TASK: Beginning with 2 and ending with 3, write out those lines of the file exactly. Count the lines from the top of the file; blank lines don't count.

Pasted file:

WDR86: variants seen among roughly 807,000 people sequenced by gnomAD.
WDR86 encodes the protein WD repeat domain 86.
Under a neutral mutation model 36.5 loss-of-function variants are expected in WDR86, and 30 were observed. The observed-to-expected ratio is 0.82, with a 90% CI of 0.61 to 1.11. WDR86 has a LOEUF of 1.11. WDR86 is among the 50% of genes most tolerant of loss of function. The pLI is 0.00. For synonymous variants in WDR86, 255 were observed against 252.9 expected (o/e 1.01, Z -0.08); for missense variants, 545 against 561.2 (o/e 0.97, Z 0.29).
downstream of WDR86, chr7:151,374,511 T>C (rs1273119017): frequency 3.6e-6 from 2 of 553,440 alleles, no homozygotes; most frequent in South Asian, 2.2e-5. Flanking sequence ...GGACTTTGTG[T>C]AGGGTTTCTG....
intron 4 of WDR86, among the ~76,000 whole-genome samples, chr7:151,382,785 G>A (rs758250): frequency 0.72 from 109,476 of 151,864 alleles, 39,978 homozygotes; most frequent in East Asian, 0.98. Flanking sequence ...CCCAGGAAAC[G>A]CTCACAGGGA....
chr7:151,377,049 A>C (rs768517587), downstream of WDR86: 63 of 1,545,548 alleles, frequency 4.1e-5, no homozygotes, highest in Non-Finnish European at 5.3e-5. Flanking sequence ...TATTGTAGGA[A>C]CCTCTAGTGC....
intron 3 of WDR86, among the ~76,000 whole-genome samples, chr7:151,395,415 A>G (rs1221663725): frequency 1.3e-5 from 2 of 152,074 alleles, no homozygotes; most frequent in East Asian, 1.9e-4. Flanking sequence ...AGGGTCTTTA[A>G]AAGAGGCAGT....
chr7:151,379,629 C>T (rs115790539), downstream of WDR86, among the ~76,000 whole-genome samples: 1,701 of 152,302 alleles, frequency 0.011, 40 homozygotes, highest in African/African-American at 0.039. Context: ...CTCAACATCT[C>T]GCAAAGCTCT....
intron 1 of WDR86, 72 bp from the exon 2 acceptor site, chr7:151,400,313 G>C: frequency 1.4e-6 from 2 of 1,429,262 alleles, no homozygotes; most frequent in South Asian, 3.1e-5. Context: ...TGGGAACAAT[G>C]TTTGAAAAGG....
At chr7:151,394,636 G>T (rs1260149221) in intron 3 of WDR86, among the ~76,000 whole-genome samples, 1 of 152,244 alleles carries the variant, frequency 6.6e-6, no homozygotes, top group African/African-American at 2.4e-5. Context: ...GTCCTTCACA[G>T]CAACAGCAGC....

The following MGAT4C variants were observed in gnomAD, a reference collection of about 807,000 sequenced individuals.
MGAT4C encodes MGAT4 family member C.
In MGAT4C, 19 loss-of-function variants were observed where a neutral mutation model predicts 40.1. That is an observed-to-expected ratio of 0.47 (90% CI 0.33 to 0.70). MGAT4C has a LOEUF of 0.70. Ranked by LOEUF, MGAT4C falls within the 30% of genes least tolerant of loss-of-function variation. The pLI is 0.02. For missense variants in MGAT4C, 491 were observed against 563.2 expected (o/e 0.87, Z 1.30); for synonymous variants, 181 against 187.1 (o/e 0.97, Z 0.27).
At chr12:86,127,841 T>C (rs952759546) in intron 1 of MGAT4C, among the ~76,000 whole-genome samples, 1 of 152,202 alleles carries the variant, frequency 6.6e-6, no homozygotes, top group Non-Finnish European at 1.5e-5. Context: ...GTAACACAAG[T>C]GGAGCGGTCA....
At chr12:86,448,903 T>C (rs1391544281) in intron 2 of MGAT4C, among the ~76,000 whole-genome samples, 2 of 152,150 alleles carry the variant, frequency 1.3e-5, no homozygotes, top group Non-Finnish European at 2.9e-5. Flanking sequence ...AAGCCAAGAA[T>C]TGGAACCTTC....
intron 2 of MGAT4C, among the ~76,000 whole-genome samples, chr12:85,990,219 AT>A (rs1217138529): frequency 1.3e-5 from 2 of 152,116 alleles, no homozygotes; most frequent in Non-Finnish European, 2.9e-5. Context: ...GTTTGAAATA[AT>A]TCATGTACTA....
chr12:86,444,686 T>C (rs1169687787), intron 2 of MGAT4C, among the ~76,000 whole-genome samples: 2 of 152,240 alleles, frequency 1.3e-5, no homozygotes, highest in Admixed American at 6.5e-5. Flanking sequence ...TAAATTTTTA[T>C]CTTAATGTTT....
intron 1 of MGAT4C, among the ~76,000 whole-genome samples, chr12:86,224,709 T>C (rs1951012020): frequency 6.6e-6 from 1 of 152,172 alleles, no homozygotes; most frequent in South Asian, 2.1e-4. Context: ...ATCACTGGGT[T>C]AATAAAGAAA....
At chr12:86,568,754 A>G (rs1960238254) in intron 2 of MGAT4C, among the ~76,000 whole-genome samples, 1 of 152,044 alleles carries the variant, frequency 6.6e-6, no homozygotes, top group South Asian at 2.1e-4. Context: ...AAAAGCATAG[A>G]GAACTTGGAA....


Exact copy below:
WDR86 encodes the protein WD repeat domain 86.
Under a neutral mutation model 36.5 loss-of-function variants are expected in WDR86, and 30 were observed. The observed-to-expected ratio is 0.82, with a 90% CI of 0.61 to 1.11. WDR86 has a LOEUF of 1.11. WDR86 is among the 50% of genes most tolerant of loss of function. The pLI is 0.00. For synonymous variants in WDR86, 255 were observed against 252.9 expected (o/e 1.01, Z -0.08); for missense variants, 545 against 561.2 (o/e 0.97, Z 0.29).